The year 2020 feels like an onslaught of catastrophes. Most of us feel like we’re drowning in a flood of contradictory news and information, and feeling panic, hopelessness, and despair as a result.
But above every flood is the water’s surface, a place where we can breathe and survey our surroundings. This fall, Humanities Washington presents a live online conversation series to give us the wide view of our troubling times. Humanity has been here before, from pandemics to political turmoil to racial injustice, and experts on a variety of topics will help us understand 2020 in the context of history. Where is all this going, and where can we find hope? Join us to help navigate the most tumultuous year most of us have experienced in our lifetimes.
DECEMBER 9 | 6:00 p.m.
Set in Stone: What Should We Do with Controversial Monuments?
Washington State has a park named after Jefferson Davis and an elementary school named after Robert E. Lee. What purpose do these memorials now serve? Do these statues remind us of what should never happen again, or do they glorify injustice and racism? In the wake of a summer where statues have been toppled or removed throughout the US, join us to discuss our year of monuments, memory, and reckoning. How do we confront a racist past without mythologizing it?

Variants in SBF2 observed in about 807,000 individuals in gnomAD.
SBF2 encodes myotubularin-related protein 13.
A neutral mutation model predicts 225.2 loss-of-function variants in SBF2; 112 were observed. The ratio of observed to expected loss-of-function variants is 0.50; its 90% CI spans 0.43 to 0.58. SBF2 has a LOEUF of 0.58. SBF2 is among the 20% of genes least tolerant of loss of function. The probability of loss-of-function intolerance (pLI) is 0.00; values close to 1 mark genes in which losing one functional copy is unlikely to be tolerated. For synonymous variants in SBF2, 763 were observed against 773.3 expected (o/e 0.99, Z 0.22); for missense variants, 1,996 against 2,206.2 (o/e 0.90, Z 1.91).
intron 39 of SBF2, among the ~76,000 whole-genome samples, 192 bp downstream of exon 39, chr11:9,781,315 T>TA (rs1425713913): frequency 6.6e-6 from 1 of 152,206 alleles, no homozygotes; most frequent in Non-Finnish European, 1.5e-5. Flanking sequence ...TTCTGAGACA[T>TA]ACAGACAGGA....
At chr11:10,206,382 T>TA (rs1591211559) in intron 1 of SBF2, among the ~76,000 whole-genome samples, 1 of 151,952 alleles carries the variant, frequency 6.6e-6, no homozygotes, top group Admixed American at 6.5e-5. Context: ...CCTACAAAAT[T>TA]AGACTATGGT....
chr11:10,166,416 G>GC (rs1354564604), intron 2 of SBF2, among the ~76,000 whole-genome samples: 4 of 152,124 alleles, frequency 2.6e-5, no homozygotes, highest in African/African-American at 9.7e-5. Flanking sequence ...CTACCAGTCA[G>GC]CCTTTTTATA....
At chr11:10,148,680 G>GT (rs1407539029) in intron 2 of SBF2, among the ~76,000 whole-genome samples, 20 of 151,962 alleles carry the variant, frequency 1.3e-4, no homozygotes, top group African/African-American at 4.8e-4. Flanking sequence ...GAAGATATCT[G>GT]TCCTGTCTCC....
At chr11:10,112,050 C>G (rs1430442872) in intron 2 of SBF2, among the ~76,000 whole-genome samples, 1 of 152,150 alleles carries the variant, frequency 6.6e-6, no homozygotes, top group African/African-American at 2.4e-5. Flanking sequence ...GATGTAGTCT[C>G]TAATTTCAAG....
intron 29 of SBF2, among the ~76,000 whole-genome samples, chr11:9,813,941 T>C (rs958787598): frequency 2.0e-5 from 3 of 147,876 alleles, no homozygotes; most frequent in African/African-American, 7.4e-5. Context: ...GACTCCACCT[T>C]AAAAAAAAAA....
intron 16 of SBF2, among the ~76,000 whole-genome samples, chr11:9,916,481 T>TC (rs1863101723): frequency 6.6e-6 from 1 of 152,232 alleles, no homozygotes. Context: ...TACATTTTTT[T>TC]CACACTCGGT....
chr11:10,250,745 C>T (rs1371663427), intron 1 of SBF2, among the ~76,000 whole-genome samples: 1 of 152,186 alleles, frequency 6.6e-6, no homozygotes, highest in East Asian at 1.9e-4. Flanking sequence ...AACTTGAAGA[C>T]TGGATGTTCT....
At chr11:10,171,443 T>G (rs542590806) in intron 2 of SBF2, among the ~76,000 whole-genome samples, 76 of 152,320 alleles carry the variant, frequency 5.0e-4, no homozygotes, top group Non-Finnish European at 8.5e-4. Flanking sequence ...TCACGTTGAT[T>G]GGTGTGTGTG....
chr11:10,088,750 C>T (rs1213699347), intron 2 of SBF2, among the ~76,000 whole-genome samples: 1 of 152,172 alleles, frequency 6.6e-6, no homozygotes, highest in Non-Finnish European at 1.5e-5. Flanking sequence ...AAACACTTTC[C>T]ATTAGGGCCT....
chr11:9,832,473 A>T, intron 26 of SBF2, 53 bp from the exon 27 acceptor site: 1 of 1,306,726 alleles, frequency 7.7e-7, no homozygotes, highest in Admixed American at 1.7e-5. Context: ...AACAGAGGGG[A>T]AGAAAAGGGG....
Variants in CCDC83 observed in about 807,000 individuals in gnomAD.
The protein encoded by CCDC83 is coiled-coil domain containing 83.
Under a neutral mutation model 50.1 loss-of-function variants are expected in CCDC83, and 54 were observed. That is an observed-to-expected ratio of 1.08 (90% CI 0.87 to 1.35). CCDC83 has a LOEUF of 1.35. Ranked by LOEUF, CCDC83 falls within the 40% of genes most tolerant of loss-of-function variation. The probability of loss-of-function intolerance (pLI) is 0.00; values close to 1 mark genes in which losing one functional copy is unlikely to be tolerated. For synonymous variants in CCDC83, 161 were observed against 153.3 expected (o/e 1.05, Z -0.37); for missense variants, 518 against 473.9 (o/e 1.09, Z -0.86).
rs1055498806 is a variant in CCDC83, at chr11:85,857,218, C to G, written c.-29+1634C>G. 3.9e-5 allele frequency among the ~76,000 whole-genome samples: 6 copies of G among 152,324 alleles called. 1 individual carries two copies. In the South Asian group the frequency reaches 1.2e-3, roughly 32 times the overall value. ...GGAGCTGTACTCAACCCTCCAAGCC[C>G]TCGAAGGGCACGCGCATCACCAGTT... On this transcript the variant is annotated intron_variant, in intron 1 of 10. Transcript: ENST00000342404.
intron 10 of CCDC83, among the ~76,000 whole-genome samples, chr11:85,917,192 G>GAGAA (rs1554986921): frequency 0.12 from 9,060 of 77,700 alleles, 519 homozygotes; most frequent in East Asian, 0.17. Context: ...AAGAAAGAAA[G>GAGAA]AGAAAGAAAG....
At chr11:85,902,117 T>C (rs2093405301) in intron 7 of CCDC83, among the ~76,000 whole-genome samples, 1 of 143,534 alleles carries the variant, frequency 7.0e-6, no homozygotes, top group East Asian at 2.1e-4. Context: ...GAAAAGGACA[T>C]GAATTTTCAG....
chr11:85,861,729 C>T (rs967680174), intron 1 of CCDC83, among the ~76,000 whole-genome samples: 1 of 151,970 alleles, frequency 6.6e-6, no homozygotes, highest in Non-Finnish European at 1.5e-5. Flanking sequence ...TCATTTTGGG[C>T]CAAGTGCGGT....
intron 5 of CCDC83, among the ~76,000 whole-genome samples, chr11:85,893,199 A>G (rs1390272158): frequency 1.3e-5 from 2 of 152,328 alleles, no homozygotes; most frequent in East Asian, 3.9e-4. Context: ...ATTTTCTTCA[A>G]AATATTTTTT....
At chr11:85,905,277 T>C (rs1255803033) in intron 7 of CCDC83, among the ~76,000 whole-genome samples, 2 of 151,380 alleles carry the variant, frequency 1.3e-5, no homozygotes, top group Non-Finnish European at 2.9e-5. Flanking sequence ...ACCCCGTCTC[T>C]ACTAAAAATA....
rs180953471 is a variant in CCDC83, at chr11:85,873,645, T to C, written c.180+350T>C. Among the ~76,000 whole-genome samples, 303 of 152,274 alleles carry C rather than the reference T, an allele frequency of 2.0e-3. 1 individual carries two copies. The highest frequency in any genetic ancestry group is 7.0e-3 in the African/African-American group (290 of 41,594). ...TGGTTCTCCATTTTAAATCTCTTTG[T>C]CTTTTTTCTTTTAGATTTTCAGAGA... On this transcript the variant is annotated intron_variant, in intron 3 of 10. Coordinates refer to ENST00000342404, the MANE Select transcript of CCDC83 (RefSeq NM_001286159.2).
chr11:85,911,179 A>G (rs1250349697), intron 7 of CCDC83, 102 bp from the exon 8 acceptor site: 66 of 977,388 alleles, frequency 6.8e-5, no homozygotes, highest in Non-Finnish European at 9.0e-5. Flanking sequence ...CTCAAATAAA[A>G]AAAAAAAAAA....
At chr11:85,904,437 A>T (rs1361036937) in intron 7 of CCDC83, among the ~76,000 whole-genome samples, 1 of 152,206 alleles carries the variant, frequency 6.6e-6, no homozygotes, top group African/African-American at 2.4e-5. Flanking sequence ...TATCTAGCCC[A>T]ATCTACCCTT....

OCTOBER 27 | 6:00 p.m.
Democracy’s Ghosts: Fear and Hope in the 2020 Election
The week before the election, join professors Christopher Parker, Travis Ridout, and Johann Neem for a free online discussion exploring the dynamics shaping the 2020 election. American democracy has never fully lived up to its ideals, but how bad have things become in comparison? How have the two presidential campaigns reflected our tumultuous and polarized era? Is American democracy in danger, or is there reason for hope?
OCTOBER 13 | 6:00 p.m.
Envy and Resentment in the Time of Coronavirus
As we’ve faced a year of COVID and political and social unrest, online interactions can become so toxic that taking a break from them has become synonymous with self-care. Join professor Sara Protasi of the University of Puget Sound for a talk about two emotions: envy and resentment, and how they affect our online interactions during these troubled times.